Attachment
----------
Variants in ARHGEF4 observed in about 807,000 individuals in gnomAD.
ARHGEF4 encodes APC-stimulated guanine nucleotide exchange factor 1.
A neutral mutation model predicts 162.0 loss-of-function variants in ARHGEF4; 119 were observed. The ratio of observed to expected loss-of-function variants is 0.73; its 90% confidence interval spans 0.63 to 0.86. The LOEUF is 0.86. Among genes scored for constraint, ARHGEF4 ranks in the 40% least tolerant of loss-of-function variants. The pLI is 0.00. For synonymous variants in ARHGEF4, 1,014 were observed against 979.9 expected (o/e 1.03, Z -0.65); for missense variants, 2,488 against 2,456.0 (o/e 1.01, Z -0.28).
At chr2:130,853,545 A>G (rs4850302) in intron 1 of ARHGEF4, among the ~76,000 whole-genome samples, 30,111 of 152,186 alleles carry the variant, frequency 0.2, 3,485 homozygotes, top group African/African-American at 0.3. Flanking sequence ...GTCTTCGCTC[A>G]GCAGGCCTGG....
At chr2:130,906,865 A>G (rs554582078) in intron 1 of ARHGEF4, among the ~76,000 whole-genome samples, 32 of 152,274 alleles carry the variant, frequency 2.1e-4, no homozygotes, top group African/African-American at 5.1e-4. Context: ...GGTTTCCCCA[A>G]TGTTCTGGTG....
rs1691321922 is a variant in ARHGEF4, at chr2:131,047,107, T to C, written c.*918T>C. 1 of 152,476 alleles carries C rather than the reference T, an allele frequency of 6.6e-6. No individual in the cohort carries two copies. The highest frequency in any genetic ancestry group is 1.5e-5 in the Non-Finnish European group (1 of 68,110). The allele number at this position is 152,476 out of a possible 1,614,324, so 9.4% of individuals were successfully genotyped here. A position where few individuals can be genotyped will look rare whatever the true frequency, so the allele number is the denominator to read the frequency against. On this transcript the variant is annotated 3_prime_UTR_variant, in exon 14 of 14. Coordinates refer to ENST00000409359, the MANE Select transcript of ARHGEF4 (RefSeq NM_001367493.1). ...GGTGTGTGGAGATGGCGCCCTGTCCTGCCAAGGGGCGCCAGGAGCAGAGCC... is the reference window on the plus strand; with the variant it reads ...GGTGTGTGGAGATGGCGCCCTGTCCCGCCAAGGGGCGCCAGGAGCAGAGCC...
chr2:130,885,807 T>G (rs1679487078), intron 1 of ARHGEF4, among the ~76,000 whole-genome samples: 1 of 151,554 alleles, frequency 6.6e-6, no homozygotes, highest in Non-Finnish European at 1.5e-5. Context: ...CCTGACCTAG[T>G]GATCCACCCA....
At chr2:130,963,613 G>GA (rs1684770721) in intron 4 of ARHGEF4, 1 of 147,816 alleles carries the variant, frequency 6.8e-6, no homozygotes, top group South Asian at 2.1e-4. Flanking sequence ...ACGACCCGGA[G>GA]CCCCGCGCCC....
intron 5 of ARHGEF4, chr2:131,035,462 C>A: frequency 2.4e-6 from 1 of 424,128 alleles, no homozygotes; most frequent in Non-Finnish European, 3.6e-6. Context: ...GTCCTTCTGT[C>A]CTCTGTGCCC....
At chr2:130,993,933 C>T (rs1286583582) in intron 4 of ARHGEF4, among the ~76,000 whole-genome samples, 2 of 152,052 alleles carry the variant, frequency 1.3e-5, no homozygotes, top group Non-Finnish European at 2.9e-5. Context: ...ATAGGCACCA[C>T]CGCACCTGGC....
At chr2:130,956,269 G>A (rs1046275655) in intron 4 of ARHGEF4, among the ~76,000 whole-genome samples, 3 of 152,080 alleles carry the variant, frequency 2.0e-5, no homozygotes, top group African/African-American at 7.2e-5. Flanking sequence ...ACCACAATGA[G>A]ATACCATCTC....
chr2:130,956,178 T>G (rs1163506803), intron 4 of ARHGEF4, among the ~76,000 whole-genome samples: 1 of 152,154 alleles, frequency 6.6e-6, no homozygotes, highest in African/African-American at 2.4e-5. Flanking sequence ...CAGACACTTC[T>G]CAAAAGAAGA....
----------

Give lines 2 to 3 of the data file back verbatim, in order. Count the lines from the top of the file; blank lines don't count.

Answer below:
ARHGEF4 encodes APC-stimulated guanine nucleotide exchange factor 1.
A neutral mutation model predicts 162.0 loss-of-function variants in ARHGEF4; 119 were observed. The ratio of observed to expected loss-of-function variants is 0.73; its 90% confidence interval spans 0.63 to 0.86. The LOEUF is 0.86. Among genes scored for constraint, ARHGEF4 ranks in the 40% least tolerant of loss-of-function variants. The pLI is 0.00. For synonymous variants in ARHGEF4, 1,014 were observed against 979.9 expected (o/e 1.03, Z -0.65); for missense variants, 2,488 against 2,456.0 (o/e 1.01, Z -0.28).